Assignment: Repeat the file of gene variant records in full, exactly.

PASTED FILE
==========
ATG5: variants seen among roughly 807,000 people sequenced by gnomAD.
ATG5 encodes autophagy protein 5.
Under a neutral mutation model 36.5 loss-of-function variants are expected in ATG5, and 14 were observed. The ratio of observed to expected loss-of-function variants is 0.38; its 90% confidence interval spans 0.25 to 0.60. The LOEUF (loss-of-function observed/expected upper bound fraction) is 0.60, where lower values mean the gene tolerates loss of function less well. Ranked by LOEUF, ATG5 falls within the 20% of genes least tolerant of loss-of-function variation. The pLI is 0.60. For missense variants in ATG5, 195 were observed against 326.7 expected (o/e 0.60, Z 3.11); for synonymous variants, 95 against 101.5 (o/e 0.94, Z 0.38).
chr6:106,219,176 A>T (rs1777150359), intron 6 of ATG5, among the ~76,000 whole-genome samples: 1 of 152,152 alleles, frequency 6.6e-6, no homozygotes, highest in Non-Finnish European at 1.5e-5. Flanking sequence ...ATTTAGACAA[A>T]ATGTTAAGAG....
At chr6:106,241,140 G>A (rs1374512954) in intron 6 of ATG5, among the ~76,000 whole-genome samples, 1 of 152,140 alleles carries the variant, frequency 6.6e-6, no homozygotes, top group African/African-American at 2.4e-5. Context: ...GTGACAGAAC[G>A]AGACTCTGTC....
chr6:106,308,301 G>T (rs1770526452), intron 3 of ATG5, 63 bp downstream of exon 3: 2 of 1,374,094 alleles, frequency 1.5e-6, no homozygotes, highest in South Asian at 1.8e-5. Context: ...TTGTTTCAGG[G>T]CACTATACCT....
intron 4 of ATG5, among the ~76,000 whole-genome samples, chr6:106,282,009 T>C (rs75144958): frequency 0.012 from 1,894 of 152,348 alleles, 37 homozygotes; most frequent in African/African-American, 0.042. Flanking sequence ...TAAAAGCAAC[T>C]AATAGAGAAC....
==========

ATG5: variants seen among roughly 807,000 people sequenced by gnomAD.
ATG5 encodes autophagy protein 5.
Under a neutral mutation model 36.5 loss-of-function variants are expected in ATG5, and 14 were observed. The ratio of observed to expected loss-of-function variants is 0.38; its 90% confidence interval spans 0.25 to 0.60. The LOEUF (loss-of-function observed/expected upper bound fraction) is 0.60, where lower values mean the gene tolerates loss of function less well. Ranked by LOEUF, ATG5 falls within the 20% of genes least tolerant of loss-of-function variation. The pLI is 0.60. For missense variants in ATG5, 195 were observed against 326.7 expected (o/e 0.60, Z 3.11); for synonymous variants, 95 against 101.5 (o/e 0.94, Z 0.38).
chr6:106,219,176 A>T (rs1777150359), intron 6 of ATG5, among the ~76,000 whole-genome samples: 1 of 152,152 alleles, frequency 6.6e-6, no homozygotes, highest in Non-Finnish European at 1.5e-5. Flanking sequence ...ATTTAGACAA[A>T]ATGTTAAGAG....
At chr6:106,241,140 G>A (rs1374512954) in intron 6 of ATG5, among the ~76,000 whole-genome samples, 1 of 152,140 alleles carries the variant, frequency 6.6e-6, no homozygotes, top group African/African-American at 2.4e-5. Context: ...GTGACAGAAC[G>A]AGACTCTGTC....
chr6:106,308,301 G>T (rs1770526452), intron 3 of ATG5, 63 bp downstream of exon 3: 2 of 1,374,094 alleles, frequency 1.5e-6, no homozygotes, highest in South Asian at 1.8e-5. Context: ...TTGTTTCAGG[G>T]CACTATACCT....
intron 4 of ATG5, among the ~76,000 whole-genome samples, chr6:106,282,009 T>C (rs75144958): frequency 0.012 from 1,894 of 152,348 alleles, 37 homozygotes; most frequent in African/African-American, 0.042. Flanking sequence ...TAAAAGCAAC[T>C]AATAGAGAAC....